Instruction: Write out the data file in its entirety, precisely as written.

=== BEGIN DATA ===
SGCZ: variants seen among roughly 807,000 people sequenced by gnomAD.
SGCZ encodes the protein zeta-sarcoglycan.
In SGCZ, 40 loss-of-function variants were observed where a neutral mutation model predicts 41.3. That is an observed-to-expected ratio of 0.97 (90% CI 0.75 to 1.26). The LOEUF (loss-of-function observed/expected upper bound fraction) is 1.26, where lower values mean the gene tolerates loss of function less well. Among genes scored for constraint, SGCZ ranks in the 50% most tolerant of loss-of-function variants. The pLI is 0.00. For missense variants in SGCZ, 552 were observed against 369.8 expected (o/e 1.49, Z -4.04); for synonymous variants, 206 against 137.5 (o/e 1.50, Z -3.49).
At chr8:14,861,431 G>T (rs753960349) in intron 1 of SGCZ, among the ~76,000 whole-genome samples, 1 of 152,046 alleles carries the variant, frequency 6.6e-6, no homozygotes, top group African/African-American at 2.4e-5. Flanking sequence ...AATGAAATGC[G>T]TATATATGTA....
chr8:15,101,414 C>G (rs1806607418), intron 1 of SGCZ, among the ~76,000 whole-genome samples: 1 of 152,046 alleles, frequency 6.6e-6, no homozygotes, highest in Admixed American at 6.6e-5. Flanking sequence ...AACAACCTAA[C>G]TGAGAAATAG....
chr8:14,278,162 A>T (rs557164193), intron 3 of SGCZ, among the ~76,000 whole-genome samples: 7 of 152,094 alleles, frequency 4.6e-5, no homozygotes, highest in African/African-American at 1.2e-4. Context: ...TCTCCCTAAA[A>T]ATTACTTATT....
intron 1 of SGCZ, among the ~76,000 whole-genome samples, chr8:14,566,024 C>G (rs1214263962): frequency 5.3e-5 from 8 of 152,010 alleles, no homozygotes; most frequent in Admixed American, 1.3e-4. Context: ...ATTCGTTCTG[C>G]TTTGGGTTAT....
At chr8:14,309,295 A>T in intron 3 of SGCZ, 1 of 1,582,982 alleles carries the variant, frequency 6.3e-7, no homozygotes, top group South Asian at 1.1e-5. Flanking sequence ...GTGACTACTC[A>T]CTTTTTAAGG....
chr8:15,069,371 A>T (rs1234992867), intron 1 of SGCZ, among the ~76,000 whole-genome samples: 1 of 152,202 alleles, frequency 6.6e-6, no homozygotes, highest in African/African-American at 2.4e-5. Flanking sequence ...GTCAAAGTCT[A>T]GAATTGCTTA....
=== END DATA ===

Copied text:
SGCZ: variants seen among roughly 807,000 people sequenced by gnomAD.
SGCZ encodes the protein zeta-sarcoglycan.
In SGCZ, 40 loss-of-function variants were observed where a neutral mutation model predicts 41.3. That is an observed-to-expected ratio of 0.97 (90% CI 0.75 to 1.26). The LOEUF (loss-of-function observed/expected upper bound fraction) is 1.26, where lower values mean the gene tolerates loss of function less well. Among genes scored for constraint, SGCZ ranks in the 50% most tolerant of loss-of-function variants. The pLI is 0.00. For missense variants in SGCZ, 552 were observed against 369.8 expected (o/e 1.49, Z -4.04); for synonymous variants, 206 against 137.5 (o/e 1.50, Z -3.49).
At chr8:14,861,431 G>T (rs753960349) in intron 1 of SGCZ, among the ~76,000 whole-genome samples, 1 of 152,046 alleles carries the variant, frequency 6.6e-6, no homozygotes, top group African/African-American at 2.4e-5. Flanking sequence ...AATGAAATGC[G>T]TATATATGTA....
chr8:15,101,414 C>G (rs1806607418), intron 1 of SGCZ, among the ~76,000 whole-genome samples: 1 of 152,046 alleles, frequency 6.6e-6, no homozygotes, highest in Admixed American at 6.6e-5. Flanking sequence ...AACAACCTAA[C>G]TGAGAAATAG....
chr8:14,278,162 A>T (rs557164193), intron 3 of SGCZ, among the ~76,000 whole-genome samples: 7 of 152,094 alleles, frequency 4.6e-5, no homozygotes, highest in African/African-American at 1.2e-4. Context: ...TCTCCCTAAA[A>T]ATTACTTATT....
intron 1 of SGCZ, among the ~76,000 whole-genome samples, chr8:14,566,024 C>G (rs1214263962): frequency 5.3e-5 from 8 of 152,010 alleles, no homozygotes; most frequent in Admixed American, 1.3e-4. Context: ...ATTCGTTCTG[C>G]TTTGGGTTAT....
At chr8:14,309,295 A>T in intron 3 of SGCZ, 1 of 1,582,982 alleles carries the variant, frequency 6.3e-7, no homozygotes, top group South Asian at 1.1e-5. Flanking sequence ...GTGACTACTC[A>T]CTTTTTAAGG....
chr8:15,069,371 A>T (rs1234992867), intron 1 of SGCZ, among the ~76,000 whole-genome samples: 1 of 152,202 alleles, frequency 6.6e-6, no homozygotes, highest in African/African-American at 2.4e-5. Flanking sequence ...GTCAAAGTCT[A>T]GAATTGCTTA....